Find an AA spectrometer. This is a "proactive" effort! It's like prospecting! You have to go out and look for one! Lately, I have found assay labs going out of business. There are other labs going out of business. They have a fire sale and sell lab equipment.

Lab equipment is required to prepare the samples for analytical analysis. The samples need to be weighed accurately. Then the samples need to be crushed and pulverized. Then the samples need to be digested into a solution.

- Geowizard
[1 edits; Last edit by geowizard at 14:27:52 Sun Mar 31 2013]

  
geowizard
16:20:02 Sun
Mar 31 2013

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Re: The Next Frontier of Mining

Let's shed some light on the subject::welcome:

So, copper produces a "blue" light. :confused:

Well, that's close, but what colors are emitted by other metals when they burn?

And... incidently, we are talking about "Atomic Emission" as opposed to "Atomic Absorption". :smile:

Light is a wave. It has wavelength. Cool!

So, here's the spectrum of light:




Blue is 450 to 495 Nano Meters (nm).

Copper is actually at 324.7 nm

Gadolinium is 407.9 nm

Dysprosium is 421.2 nm

Europium is 459.4 nm

Neodymium is 463.4 nm

Gold is 242.8 nm

Having provided illumination, you can see the importance of Atomic Emission Spectroscopy!

- Geowizard

  
baub
17:03:27 Mon
Apr 1 2013

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Re: The Next Frontier of Mining

Thanks Geo, good info.

b

  
jjedwab
13:53:47 Thu
Apr 4 2013

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Re: The Next Frontier of Mining

The problem is not so much in prospecting, but in the delays for getting mining permits :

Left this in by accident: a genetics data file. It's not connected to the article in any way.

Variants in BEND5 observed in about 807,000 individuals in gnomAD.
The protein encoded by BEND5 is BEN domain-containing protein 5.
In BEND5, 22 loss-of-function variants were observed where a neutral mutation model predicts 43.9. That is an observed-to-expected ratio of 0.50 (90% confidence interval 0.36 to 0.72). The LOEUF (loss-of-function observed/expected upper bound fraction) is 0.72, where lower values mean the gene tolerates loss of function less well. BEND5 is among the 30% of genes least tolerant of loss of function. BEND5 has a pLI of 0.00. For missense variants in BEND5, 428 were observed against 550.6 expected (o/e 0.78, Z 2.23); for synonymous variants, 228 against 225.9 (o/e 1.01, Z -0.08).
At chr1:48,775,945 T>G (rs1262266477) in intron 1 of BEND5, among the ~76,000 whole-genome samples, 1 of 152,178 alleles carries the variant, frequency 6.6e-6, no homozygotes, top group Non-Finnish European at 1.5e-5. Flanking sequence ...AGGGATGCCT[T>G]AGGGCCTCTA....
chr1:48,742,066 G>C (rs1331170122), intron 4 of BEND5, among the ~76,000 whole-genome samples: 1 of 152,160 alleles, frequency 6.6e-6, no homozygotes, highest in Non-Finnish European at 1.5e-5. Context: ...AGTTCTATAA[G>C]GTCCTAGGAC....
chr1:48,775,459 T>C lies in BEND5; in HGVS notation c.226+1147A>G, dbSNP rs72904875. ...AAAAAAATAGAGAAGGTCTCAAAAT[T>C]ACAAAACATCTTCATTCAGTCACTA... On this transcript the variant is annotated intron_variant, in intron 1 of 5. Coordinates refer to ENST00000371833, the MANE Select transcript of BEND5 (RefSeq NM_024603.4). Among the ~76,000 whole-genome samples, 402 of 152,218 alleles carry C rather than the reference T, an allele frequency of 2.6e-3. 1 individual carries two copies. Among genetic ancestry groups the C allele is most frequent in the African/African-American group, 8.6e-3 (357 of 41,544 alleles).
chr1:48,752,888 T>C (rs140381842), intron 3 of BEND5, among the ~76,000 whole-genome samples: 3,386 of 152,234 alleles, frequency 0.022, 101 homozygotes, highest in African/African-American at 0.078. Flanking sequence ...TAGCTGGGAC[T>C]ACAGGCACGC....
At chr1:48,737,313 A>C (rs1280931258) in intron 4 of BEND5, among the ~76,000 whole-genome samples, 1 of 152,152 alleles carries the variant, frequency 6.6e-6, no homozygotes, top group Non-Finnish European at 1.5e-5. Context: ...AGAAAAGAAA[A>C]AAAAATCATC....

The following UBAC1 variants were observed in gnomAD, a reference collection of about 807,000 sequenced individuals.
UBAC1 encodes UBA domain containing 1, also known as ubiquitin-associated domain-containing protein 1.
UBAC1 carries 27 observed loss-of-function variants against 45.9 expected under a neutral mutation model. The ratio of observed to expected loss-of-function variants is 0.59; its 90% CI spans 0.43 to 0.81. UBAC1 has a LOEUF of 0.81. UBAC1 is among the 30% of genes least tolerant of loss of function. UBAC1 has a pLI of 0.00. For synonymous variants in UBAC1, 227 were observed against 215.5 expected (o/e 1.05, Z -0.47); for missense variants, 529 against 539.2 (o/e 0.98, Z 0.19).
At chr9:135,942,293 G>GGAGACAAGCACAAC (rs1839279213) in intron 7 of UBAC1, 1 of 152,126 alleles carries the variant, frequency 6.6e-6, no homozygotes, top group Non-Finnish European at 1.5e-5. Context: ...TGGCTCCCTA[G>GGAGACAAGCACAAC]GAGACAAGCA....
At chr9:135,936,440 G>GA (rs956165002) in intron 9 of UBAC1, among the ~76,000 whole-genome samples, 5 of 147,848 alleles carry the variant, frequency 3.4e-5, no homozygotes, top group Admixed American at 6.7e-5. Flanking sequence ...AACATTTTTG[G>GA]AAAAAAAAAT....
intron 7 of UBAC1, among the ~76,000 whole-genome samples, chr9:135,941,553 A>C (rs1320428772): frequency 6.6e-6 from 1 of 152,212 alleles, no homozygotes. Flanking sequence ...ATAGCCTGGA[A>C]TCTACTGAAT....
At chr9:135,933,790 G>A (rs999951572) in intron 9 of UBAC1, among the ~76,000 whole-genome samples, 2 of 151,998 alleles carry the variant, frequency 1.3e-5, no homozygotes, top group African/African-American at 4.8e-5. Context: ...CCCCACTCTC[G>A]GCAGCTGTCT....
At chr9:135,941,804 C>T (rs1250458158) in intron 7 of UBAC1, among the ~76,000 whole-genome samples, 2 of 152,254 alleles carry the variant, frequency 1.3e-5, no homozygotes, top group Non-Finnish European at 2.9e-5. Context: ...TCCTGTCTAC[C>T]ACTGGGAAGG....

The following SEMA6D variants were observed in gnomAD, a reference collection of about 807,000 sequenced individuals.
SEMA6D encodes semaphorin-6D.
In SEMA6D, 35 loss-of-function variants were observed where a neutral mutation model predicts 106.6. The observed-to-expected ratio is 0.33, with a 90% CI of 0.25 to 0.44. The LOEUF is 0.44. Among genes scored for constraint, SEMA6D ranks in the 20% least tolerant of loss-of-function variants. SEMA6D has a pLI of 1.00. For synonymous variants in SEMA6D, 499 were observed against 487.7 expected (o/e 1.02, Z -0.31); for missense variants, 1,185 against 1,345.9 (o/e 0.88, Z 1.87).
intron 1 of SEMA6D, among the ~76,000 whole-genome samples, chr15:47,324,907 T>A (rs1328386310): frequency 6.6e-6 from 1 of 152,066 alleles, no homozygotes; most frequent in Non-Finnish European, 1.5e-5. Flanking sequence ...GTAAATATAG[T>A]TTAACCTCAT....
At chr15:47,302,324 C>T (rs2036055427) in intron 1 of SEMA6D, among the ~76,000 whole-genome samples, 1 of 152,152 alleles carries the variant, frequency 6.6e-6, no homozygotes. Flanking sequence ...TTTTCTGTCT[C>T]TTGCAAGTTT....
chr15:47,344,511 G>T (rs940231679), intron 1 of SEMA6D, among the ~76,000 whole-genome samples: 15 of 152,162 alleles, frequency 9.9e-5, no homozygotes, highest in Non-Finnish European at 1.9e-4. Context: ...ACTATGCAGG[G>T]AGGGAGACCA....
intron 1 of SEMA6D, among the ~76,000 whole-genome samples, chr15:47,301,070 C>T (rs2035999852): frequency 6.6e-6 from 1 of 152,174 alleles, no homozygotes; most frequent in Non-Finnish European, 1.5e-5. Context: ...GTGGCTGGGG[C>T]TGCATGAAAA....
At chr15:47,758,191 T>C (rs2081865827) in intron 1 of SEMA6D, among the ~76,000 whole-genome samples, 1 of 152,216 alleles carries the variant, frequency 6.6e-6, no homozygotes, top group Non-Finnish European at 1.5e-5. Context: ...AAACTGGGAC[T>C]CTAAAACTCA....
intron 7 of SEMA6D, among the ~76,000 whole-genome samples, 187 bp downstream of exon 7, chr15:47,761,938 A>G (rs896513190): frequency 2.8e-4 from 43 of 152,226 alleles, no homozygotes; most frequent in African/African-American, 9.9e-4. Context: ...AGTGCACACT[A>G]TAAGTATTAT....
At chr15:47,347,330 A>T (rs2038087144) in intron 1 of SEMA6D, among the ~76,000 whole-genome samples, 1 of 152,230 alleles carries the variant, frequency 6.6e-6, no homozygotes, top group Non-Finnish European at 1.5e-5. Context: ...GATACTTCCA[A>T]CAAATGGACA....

"Faster project permitting times could reduce U.S. dependence on REE imports-NCPA"

http://www.mineweb.com/mineweb/content/en/mineweb-political-economy?oid=184732&sn=Detail

The quoted report considers also the case of AK

  
baub
14:23:48 Thu
Apr 4 2013

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Re: The Next Frontier of Mining

Thanks Dr. JJ.

  
dredger
01:27:45 Fri
Apr 5 2013

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Re: The Next Frontier of Mining

Hey Professer JJ.

Another good post, thanks,

phil.

  
dredger
03:05:59 Mon
May 20 2013

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Re: The Next Frontier of Mining

Hey, Professor, Guys,


I am trying to hook up with a miner involved in a new REE mine in Auss, also has a tailings deposit, he likes the excavator sucker concept for the tailings deposit,

Just waiting to see what developes,
:smile:

  
baub
16:01:38 Mon
May 20 2013

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Re: The Next Frontier of Mining

Dredger,

One big problem, among others, is there is no US buyers for small amounts that a little mining company would produce. Australians might be able to sell to China at terms favorable to both parties.
Perhaps there are beaches one could work that would produce enough REEs easily in Oz.
There's a lot to learn about REEs. Safe storage for both raw and refined products is one. Analysys of ores another. Getting paid by the buyer is another.

b

  
geowizard
19:51:47 Mon
May 20 2013

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Re: The Next Frontier of Mining


It's all a matter of marketing.

Maybe a Hotdog vendor in the Bronx could sell a hotdog in Ethiopia? :confused:

Marketing REE's is dependent on the buyers. The buyers represent the market and they write the checks. So, the buyer dictates whether that commodity is delivered in ounces, pounds, or by the rail car. Since REE's are used in industrial applications, it can be assumed that the consumers want capacity from their sources. The product has to meet the demand of the consumer. The product must also meet the specifications of purity within certain constraints of variability. Contracts for shipping REE's are long term - not short term. The producer has an obligation to produce a given quantity at a given purity for a certain minimum period of time.

The contractual obligations related to entering into the REE market or any market dictates that the seller is in a position to produce. A small scale producer doesn't fit into the REE market. A small scale producer probably cannot establish a business model that includes refining REE's to a marketable form. On a small scale, exploration, mining, and the costs related to developing a business selling REE's is simply not a practical venture.

- Geowizard